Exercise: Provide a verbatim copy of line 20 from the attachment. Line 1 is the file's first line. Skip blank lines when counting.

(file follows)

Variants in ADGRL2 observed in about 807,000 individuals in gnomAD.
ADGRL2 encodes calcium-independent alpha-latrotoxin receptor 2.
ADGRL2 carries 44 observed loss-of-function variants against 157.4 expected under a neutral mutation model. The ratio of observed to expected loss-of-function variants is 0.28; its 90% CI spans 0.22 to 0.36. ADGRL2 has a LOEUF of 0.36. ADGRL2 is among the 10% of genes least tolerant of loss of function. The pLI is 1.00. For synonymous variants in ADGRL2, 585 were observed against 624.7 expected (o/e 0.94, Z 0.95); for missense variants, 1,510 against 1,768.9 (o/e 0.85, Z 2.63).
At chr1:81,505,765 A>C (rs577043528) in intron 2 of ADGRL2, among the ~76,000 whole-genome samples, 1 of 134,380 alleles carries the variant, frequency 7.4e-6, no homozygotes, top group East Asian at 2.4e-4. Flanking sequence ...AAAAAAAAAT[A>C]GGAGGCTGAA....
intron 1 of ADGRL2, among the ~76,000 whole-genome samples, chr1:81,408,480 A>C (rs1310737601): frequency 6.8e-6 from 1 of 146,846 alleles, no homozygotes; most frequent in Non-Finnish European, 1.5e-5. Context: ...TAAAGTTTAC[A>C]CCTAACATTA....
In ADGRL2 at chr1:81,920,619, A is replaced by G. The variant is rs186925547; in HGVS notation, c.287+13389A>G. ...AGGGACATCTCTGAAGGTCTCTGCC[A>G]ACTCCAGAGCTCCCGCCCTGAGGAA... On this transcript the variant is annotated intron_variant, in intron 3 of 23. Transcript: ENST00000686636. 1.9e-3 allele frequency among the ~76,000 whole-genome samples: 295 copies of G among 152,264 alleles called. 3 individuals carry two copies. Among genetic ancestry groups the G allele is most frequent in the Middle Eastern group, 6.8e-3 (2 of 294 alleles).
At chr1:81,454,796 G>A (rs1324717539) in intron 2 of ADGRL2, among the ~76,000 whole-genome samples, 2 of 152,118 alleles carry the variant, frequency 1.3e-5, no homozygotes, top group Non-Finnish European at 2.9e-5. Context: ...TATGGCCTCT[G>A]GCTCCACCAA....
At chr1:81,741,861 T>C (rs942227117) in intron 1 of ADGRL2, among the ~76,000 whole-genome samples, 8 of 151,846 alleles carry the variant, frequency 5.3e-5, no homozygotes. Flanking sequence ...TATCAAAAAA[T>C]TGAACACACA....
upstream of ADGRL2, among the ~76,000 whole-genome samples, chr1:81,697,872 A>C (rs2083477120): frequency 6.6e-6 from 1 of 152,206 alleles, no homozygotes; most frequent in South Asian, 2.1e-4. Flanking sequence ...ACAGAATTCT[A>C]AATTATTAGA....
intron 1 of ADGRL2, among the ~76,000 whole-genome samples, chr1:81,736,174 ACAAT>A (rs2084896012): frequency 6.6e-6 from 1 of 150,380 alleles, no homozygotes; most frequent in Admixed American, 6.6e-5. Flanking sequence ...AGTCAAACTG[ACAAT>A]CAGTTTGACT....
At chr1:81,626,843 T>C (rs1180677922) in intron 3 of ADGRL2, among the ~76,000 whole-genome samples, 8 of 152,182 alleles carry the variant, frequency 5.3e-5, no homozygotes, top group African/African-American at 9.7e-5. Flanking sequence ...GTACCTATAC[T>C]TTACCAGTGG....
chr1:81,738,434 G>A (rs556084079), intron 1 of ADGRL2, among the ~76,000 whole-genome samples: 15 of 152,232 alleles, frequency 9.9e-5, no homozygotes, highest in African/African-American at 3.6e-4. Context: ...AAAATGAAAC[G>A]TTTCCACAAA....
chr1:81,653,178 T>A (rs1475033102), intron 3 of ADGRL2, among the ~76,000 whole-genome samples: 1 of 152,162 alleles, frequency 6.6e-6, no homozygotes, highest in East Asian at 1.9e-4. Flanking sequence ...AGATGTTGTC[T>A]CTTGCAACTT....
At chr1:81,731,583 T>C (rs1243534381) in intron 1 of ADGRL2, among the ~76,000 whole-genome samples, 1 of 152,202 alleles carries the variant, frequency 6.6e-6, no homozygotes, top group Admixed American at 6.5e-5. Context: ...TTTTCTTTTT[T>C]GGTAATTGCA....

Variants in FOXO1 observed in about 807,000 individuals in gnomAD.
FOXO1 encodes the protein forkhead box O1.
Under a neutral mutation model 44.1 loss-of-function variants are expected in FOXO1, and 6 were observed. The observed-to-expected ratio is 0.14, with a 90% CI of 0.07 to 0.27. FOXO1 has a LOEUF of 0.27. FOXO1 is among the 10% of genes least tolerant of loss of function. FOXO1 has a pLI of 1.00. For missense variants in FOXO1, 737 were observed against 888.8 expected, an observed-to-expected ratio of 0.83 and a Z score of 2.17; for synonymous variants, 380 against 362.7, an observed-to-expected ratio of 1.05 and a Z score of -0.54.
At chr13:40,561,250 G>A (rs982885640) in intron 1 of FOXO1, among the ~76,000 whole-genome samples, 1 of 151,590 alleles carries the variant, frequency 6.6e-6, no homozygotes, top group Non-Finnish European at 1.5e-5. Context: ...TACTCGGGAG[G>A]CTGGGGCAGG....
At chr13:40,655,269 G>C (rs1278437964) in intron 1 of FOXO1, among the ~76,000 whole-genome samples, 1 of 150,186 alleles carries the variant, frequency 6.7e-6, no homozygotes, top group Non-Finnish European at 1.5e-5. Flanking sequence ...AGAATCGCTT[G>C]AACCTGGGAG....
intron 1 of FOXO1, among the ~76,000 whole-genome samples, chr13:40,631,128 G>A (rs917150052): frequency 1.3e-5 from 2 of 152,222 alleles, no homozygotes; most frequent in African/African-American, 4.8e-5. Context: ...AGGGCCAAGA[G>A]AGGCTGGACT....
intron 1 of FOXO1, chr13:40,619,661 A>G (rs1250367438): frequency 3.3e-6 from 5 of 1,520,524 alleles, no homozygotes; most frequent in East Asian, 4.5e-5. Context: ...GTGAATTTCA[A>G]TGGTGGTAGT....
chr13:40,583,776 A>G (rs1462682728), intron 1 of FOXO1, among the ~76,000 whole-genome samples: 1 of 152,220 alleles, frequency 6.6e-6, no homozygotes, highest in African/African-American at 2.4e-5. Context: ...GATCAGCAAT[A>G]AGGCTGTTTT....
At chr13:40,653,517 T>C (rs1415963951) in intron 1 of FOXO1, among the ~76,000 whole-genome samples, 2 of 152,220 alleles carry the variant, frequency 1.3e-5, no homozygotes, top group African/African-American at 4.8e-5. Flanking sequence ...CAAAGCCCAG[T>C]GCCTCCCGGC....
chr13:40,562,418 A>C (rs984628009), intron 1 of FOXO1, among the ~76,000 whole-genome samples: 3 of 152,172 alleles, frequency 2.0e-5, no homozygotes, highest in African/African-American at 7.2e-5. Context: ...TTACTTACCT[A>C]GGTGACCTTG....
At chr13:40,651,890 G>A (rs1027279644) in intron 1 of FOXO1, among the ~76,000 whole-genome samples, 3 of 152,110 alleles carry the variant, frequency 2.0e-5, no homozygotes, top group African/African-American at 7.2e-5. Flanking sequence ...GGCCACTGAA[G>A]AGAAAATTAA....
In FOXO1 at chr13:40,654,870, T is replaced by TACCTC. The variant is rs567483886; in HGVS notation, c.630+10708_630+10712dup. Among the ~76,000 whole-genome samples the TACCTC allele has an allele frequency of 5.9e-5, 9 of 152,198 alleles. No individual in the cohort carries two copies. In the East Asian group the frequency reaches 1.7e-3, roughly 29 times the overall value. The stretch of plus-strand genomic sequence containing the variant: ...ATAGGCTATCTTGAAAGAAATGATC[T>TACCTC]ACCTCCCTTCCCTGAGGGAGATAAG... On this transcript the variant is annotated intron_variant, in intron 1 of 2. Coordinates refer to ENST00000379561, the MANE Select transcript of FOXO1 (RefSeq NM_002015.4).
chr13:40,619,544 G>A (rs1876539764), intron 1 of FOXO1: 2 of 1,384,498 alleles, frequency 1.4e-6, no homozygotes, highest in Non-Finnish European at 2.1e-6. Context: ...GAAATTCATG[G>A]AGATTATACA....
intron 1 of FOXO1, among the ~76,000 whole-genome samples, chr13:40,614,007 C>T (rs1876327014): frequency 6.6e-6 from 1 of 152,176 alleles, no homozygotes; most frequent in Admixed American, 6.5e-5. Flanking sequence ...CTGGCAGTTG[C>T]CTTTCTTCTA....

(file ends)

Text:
intron 1 of FOXO1, among the ~76,000 whole-genome samples, chr13:40,631,128 G>A (rs917150052): frequency 1.3e-5 from 2 of 152,222 alleles, no homozygotes; most frequent in African/African-American, 4.8e-5. Context: ...AGGGCCAAGA[G>A]AGGCTGGACT....